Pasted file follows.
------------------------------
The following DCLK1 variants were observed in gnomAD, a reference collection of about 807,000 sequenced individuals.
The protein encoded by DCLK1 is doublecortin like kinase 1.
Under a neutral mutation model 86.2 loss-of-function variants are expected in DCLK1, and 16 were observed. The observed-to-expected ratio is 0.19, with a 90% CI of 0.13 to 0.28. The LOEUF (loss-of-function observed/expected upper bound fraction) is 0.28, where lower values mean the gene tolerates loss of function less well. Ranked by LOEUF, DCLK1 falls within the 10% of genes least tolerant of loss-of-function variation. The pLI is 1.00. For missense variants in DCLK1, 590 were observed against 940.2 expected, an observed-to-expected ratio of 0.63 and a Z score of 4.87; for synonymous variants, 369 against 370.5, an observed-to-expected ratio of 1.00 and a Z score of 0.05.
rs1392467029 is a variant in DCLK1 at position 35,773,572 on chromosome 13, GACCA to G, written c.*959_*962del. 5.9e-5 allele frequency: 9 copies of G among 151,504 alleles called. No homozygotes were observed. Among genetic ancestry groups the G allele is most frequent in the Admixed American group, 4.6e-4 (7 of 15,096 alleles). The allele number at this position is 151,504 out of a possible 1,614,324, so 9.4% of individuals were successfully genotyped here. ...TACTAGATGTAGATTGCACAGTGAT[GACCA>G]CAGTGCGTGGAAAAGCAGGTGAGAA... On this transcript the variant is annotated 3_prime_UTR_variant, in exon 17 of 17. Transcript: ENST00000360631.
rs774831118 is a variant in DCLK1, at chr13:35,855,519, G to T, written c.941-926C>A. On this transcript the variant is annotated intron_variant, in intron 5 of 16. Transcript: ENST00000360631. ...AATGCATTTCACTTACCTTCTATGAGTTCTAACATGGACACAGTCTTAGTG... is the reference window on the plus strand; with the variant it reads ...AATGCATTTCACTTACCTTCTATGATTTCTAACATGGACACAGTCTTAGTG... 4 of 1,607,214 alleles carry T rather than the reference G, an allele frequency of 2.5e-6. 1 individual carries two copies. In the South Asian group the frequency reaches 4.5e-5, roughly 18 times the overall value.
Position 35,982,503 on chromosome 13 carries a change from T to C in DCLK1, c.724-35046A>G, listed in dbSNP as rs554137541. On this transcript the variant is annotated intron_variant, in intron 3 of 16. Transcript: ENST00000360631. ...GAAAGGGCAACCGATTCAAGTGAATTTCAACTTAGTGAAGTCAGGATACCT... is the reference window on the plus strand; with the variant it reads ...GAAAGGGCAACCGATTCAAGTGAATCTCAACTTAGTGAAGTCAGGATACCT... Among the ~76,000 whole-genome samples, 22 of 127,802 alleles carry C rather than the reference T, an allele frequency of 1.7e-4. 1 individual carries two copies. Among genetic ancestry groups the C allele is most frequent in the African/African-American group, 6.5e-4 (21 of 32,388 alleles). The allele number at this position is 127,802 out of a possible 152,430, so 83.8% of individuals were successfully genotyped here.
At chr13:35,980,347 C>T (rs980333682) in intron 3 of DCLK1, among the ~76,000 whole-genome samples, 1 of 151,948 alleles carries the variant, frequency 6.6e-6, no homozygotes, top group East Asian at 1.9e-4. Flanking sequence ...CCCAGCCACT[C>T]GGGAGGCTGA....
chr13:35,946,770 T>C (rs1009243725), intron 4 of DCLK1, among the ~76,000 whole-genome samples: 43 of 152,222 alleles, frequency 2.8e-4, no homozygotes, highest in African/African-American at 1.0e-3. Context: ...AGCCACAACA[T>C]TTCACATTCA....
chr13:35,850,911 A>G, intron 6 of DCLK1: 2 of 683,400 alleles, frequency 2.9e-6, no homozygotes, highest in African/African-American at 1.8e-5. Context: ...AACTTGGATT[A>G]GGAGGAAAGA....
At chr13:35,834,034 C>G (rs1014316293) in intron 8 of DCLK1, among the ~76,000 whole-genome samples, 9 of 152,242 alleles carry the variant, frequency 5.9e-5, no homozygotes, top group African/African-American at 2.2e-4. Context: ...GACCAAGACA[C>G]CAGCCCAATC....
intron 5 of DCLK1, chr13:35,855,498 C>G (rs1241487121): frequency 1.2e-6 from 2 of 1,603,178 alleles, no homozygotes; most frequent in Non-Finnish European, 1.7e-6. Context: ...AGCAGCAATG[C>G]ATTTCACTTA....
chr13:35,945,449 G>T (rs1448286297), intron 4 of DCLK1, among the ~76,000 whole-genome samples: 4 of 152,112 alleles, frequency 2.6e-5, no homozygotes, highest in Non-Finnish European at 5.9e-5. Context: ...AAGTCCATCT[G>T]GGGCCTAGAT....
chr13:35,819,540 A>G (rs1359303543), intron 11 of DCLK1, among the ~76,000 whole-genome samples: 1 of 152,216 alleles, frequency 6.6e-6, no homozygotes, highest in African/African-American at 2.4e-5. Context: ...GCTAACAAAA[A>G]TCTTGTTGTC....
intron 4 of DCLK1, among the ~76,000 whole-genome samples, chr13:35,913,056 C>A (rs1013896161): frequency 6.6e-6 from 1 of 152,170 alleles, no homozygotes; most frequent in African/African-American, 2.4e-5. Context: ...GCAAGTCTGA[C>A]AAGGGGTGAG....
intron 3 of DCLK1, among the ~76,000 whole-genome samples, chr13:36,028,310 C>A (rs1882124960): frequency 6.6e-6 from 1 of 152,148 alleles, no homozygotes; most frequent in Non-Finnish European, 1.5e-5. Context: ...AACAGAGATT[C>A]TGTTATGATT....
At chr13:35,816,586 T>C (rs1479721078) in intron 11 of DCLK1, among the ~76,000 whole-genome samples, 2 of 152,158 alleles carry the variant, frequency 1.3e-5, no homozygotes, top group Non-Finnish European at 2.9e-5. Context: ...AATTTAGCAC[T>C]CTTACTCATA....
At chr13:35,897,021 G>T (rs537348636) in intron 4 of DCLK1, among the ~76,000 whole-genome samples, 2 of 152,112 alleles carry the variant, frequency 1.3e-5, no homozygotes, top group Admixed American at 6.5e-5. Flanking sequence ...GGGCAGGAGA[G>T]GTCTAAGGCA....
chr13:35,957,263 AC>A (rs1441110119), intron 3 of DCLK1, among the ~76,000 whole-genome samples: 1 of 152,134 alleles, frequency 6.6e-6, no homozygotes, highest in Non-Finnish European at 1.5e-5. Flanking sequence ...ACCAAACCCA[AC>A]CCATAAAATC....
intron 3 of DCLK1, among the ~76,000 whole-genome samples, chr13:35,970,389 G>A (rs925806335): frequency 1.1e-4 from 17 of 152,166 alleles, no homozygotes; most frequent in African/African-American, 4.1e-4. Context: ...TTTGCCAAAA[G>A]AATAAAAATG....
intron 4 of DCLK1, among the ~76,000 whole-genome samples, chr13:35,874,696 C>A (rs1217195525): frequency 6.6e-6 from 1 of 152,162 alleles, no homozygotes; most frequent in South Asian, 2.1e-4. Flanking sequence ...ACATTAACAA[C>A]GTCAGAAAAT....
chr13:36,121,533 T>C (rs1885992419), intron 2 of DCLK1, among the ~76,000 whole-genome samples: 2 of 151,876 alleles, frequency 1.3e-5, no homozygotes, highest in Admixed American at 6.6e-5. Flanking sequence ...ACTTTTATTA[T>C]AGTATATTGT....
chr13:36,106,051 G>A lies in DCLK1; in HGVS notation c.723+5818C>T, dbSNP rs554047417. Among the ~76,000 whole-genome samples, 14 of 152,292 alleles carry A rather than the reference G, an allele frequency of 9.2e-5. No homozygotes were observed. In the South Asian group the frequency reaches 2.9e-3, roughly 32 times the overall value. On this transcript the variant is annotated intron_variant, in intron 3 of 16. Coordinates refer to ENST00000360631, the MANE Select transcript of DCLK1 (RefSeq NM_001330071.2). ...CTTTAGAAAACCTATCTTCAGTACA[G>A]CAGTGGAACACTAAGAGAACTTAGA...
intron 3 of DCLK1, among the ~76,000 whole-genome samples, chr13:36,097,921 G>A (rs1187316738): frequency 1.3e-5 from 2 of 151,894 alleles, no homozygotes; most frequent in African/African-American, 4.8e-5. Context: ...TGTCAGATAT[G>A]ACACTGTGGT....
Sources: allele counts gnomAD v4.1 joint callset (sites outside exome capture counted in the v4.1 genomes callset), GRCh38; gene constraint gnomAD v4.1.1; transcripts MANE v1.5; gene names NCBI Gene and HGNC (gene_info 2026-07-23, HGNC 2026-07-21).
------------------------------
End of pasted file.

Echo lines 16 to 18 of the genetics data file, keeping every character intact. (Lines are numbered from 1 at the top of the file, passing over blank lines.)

At chr13:35,816,586 T>C (rs1479721078) in intron 11 of DCLK1, among the ~76,000 whole-genome samples, 2 of 152,158 alleles carry the variant, frequency 1.3e-5, no homozygotes, top group Non-Finnish European at 2.9e-5. Context: ...AATTTAGCAC[T>C]CTTACTCATA....
At chr13:35,897,021 G>T (rs537348636) in intron 4 of DCLK1, among the ~76,000 whole-genome samples, 2 of 152,112 alleles carry the variant, frequency 1.3e-5, no homozygotes, top group Admixed American at 6.5e-5. Flanking sequence ...GGGCAGGAGA[G>T]GTCTAAGGCA....
chr13:35,957,263 AC>A (rs1441110119), intron 3 of DCLK1, among the ~76,000 whole-genome samples: 1 of 152,134 alleles, frequency 6.6e-6, no homozygotes, highest in Non-Finnish European at 1.5e-5. Flanking sequence ...ACCAAACCCA[AC>A]CCATAAAATC....